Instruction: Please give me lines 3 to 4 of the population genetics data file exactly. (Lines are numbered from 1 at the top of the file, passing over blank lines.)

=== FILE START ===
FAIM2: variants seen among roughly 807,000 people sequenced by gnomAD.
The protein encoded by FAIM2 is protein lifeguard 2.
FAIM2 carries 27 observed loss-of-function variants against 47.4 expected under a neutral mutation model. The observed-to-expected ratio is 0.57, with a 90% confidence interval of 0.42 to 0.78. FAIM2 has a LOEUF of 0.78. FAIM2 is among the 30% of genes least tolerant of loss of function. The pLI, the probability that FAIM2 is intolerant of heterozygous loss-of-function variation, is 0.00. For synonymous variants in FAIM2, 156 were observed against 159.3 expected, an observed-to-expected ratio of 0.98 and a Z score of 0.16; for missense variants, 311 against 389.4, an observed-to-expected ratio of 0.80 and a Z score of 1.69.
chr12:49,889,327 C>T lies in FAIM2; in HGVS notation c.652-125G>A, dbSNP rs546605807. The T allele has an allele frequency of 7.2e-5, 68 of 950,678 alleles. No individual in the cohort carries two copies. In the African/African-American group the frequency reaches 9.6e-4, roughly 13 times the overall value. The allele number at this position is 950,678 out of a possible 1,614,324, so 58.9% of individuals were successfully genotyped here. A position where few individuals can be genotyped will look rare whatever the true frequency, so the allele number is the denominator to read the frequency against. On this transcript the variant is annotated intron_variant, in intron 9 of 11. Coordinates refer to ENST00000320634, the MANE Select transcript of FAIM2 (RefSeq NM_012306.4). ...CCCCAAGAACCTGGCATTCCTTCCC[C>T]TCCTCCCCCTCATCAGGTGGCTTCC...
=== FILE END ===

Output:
FAIM2 carries 27 observed loss-of-function variants against 47.4 expected under a neutral mutation model. The observed-to-expected ratio is 0.57, with a 90% confidence interval of 0.42 to 0.78. FAIM2 has a LOEUF of 0.78. FAIM2 is among the 30% of genes least tolerant of loss of function. The pLI, the probability that FAIM2 is intolerant of heterozygous loss-of-function variation, is 0.00. For synonymous variants in FAIM2, 156 were observed against 159.3 expected, an observed-to-expected ratio of 0.98 and a Z score of 0.16; for missense variants, 311 against 389.4, an observed-to-expected ratio of 0.80 and a Z score of 1.69.
chr12:49,889,327 C>T lies in FAIM2; in HGVS notation c.652-125G>A, dbSNP rs546605807. The T allele has an allele frequency of 7.2e-5, 68 of 950,678 alleles. No individual in the cohort carries two copies. In the African/African-American group the frequency reaches 9.6e-4, roughly 13 times the overall value. The allele number at this position is 950,678 out of a possible 1,614,324, so 58.9% of individuals were successfully genotyped here. A position where few individuals can be genotyped will look rare whatever the true frequency, so the allele number is the denominator to read the frequency against. On this transcript the variant is annotated intron_variant, in intron 9 of 11. Coordinates refer to ENST00000320634, the MANE Select transcript of FAIM2 (RefSeq NM_012306.4). ...CCCCAAGAACCTGGCATTCCTTCCC[C>T]TCCTCCCCCTCATCAGGTGGCTTCC...